WASHINGTON — A high-powered panel of Pentagon officials faced a group of skeptical senators Thursday during a key moment in the department’s push to create a new branch of the military focused on space.
Acting Defense Secretary Patrick Shanahan, Air Force Secretary Heather Wilson, Chairman of the Joint Chiefs of Staff Gen. Joe Dunford and U.S. Strategic Command chief Gen. John Hyten appeared together in front of the Senate Armed Services Committee to argue on behalf of the Space Force.
Committee Chairman Jim Inhofe, R-Okla., noted at the top of the hearing that the event was a rarity — in that senators seemed to genuinely come into it with an open mind, as opposed to looking to score political points. And that feeling did indeed play throughout the almost two hour and 50 minute hearing, with members attempting to dig for clarity about the potential new military branch.
Going into the hearing, the Pentagon was well aware that this might be the best chance to sway skeptics. A read-ahead memo for Shanahan, drafted by Robert Hood, assistant secretary of defense for legislative affairs, called the hearing “the Department’s opportunity to sell SASC on Space Force.”
The document, which was obtained by Defense News and several other outlets, provided details on what each of the SASC members had said publicly — and, in some cases, privately in routine office calls — about the Space Force. It also offered guidance on the questions those lawmakers could ask.
“While Chairman Inhofe and Ranking Member [Jack] Reed have expressed skepticism, many members have yet to form an opinion or speak publicly on the proposal. Members have signaled support for both U.S. SPACECOM and SDA, but they have not yet been sold on the idea of a Space Force,” Hood wrote, using an acronym for the Space Development Agency.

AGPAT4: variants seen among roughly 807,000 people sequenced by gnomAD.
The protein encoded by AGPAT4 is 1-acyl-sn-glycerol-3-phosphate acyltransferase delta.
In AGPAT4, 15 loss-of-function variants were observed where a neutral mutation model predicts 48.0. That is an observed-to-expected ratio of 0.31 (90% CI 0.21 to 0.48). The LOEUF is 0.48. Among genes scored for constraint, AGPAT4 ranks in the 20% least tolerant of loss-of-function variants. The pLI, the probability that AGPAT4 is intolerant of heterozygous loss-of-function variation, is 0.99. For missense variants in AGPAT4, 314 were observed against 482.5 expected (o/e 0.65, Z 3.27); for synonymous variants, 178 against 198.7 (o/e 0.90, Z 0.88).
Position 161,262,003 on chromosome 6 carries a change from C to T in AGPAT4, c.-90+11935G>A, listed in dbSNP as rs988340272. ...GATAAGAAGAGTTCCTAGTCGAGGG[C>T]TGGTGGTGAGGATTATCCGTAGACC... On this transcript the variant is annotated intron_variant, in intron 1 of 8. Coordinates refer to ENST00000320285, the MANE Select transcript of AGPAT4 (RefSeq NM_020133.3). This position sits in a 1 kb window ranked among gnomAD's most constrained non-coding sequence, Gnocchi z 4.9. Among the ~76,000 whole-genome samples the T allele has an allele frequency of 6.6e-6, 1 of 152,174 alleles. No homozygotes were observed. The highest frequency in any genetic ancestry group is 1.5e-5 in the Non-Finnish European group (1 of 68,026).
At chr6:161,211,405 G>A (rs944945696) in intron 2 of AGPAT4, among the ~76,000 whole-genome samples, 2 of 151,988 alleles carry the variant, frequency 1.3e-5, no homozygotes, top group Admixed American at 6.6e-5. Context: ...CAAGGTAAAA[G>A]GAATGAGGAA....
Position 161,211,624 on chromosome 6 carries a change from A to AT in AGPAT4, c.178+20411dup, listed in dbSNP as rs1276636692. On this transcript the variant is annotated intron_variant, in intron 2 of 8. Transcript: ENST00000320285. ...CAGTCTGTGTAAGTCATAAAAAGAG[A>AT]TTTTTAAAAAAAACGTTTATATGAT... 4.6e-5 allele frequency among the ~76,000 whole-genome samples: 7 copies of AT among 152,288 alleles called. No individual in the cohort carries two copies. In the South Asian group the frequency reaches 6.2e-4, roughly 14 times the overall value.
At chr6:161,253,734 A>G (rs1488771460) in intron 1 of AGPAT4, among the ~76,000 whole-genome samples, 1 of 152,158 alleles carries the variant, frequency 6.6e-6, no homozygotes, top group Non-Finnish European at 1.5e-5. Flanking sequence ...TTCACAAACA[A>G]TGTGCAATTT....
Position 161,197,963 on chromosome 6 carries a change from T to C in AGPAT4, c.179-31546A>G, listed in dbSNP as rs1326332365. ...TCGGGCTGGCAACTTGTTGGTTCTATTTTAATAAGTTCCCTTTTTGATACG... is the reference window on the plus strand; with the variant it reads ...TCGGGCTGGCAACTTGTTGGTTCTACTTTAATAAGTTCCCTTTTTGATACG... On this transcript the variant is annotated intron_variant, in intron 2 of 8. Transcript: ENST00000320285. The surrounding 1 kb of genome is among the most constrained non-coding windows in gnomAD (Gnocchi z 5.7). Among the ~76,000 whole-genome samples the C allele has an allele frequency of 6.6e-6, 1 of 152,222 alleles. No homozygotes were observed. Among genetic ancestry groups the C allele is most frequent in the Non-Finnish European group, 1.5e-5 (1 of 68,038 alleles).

“Most notably, while members seem to have an understanding of the space threat, the perception is that the Department has not been successful in explaining to them WHY the Space Force is necessary to address that threat.”
To be successful in selling the Space Force to Inhofe, Shanahan should be prepared to explain how Space Force could solve current space-related problems and why it would be worth the added cost, Hood wrote.
Reed, D-R.I., “fears Space Force ‘would just add bureaucracy without effect,’” Hood wrote. Meanwhile Sens. Kevin Cramer, R-N.D.; Marsha Blackburn, R-Tenn.; Joni Ernst, R-Iowa; and Rick Scott, R-Fla., had signaled they are willing to support the proposal.
Universally, members agreed that space is important, and not one expressed doubts about the importance of a U.S. Space Command, a combatant command that came about as the result of congressional orders. But the Space Force as a new branch was met with skepticism — early returns do not seem to have netted the results for which the Pentagon hoped.
Sen. Angus King, I-Maine, said he is “genuinely undecided, although as you can tell, I’m skeptical.” Presidential candidate Elizabeth Warren, D-Mass., expressly said she did not see the benefit of a new branch of the military. Sen. Joe Manchin, D-W.Va., told the panel that creating a new branch of the military “doesn’t make any sense to me. I’m sorry.”